When growing up in a predominantly Catholic background it is frowned upon to question the basis of human existence and the correct way to live your life. Catholics always assume the basis is God and to follow Jesus’s teachings. This essay will show how my life has slightly altered from a Christian background to a way of critical thinking through the writings of the Ancient Philosophers like the Stoics and Skeptics. First, I will show how the definition of God has altered in my mind because of Xenophanes definition of one unmoving unknowable effortless God. Then I will explain how I have less anxiety because of the Stoics way of living. Lastly, I will explain how none of my new and old thoughts are completely truthful because there will always be doubt and nothing is certain because of the Skeptics. What or who is God?
The Christian God is anthropomorphic. Anthropomorphic is giving God human like characteristics. For example, they give him a human form, a body. Christians also explain God as being conceivable, so God is benevolent, omniscient, and omnipotent but also knowable. After reading fragments of Xenophanes writing I started to critically think of what God could really be. Is God a who or a what? Xenophanes explains in his writing that all people and maybe even animals can imagine God as looking like themselves, but God cannot look like everyone. Xenophanes explains God as, “There is one god, among gods and men the greatest, not at all like mortals in body or mind…” Xenophanes believes God is not Anthropomorphic and cannot look like humans or think like one. Someone cannot explain God if they have never seen him.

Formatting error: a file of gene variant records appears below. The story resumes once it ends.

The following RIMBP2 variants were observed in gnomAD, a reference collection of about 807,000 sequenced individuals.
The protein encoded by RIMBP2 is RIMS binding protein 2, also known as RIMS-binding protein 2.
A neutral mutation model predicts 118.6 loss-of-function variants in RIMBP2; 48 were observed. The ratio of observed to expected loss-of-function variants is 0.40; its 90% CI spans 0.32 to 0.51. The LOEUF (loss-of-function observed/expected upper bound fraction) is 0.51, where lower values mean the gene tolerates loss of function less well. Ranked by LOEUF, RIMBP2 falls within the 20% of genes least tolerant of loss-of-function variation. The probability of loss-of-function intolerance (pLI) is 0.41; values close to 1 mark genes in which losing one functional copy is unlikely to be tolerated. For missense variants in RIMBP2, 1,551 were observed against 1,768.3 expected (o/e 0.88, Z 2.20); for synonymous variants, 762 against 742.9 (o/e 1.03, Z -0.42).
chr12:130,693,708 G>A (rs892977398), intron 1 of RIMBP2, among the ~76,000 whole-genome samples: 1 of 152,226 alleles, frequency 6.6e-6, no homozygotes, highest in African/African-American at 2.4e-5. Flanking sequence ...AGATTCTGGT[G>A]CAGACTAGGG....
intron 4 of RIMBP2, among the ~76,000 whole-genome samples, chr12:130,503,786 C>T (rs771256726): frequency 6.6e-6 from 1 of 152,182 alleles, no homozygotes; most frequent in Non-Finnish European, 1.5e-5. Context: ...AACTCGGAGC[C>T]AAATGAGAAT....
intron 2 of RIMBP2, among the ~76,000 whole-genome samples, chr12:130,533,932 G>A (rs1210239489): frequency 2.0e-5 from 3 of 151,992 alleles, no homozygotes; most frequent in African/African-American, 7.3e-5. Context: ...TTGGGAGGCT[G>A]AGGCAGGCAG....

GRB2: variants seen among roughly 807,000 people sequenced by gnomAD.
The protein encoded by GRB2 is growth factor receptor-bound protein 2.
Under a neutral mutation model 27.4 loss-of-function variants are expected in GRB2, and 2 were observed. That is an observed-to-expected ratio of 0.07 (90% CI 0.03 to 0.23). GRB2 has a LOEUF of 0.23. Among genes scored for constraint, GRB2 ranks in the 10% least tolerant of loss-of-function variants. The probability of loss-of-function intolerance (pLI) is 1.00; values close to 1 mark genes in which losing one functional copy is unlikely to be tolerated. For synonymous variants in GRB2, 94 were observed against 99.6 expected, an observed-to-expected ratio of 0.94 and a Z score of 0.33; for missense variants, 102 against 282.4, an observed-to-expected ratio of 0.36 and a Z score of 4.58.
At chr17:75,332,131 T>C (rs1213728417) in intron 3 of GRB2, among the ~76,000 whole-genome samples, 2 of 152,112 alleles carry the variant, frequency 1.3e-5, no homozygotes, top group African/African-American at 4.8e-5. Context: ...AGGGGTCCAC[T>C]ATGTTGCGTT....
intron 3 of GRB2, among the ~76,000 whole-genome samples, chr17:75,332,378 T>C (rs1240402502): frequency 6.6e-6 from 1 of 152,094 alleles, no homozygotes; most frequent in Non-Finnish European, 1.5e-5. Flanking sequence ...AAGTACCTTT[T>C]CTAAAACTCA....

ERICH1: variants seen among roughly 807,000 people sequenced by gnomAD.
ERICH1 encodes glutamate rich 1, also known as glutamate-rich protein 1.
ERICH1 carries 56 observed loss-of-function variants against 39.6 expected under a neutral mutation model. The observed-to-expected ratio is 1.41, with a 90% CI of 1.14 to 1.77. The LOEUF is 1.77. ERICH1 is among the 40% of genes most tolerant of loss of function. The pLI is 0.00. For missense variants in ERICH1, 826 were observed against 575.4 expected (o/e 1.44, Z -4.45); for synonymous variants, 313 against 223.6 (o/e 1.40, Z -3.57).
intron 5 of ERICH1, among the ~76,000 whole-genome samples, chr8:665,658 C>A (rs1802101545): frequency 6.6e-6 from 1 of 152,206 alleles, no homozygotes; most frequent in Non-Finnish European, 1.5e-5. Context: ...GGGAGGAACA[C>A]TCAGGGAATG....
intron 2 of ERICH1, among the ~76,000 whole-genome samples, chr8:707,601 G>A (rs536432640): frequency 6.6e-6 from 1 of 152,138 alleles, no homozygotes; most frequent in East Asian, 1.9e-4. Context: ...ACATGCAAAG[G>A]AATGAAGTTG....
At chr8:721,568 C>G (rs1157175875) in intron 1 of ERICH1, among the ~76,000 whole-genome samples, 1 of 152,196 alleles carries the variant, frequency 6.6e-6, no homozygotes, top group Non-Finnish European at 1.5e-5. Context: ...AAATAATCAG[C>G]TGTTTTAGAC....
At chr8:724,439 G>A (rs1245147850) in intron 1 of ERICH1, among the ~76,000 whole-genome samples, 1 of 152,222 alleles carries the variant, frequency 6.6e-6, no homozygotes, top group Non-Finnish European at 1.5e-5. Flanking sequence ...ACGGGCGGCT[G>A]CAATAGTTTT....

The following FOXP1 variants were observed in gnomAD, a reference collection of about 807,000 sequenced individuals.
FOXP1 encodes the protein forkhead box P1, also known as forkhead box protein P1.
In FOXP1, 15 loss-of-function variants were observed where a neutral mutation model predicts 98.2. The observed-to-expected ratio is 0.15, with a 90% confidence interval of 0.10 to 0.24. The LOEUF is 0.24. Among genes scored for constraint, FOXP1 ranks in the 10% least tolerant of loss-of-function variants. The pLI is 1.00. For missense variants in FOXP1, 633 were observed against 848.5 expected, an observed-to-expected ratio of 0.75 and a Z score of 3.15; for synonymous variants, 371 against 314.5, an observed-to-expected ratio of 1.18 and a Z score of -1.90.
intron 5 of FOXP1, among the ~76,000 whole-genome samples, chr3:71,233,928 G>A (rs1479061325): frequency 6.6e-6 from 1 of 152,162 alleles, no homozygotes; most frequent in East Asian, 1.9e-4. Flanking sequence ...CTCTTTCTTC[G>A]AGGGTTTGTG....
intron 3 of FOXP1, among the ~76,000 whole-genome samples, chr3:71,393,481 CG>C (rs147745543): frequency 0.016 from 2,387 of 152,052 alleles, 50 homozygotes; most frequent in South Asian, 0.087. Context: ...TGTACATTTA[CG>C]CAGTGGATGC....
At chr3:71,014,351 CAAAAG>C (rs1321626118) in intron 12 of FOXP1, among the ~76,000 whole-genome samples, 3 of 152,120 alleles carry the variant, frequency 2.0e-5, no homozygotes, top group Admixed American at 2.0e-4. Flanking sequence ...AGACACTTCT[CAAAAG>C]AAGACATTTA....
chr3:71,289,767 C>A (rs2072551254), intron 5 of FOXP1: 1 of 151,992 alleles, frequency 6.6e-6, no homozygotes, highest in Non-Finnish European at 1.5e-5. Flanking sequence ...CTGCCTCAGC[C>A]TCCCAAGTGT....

Christians explain God and preach his teachings in the Holy Bible. I grew up reading the holy bible twice...
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...e. I should be more pragmatic like the Stoics and actually think before I act and/or speak.
Altogether this semester I questioned my complete belief in the Christian God. I am able to be a little less anxious about things that are not in my control. The things I need to focus on need to be the things that are in my control; especially what I divert my attention to and what I spend my time on in my everyday life. I need to make sure I think of consequences before I take action. Lastly, I need to understand that not everything is definite and to suspend my judgment, because nothing is a for sure. Xenophanes, Epictetus, and the skeptics helped improve my train of thought this semester. The one lesson that was the most important to me is the lesson of Epictetus and that is to not worry about the things that I cannot change, but worry about the things I can.
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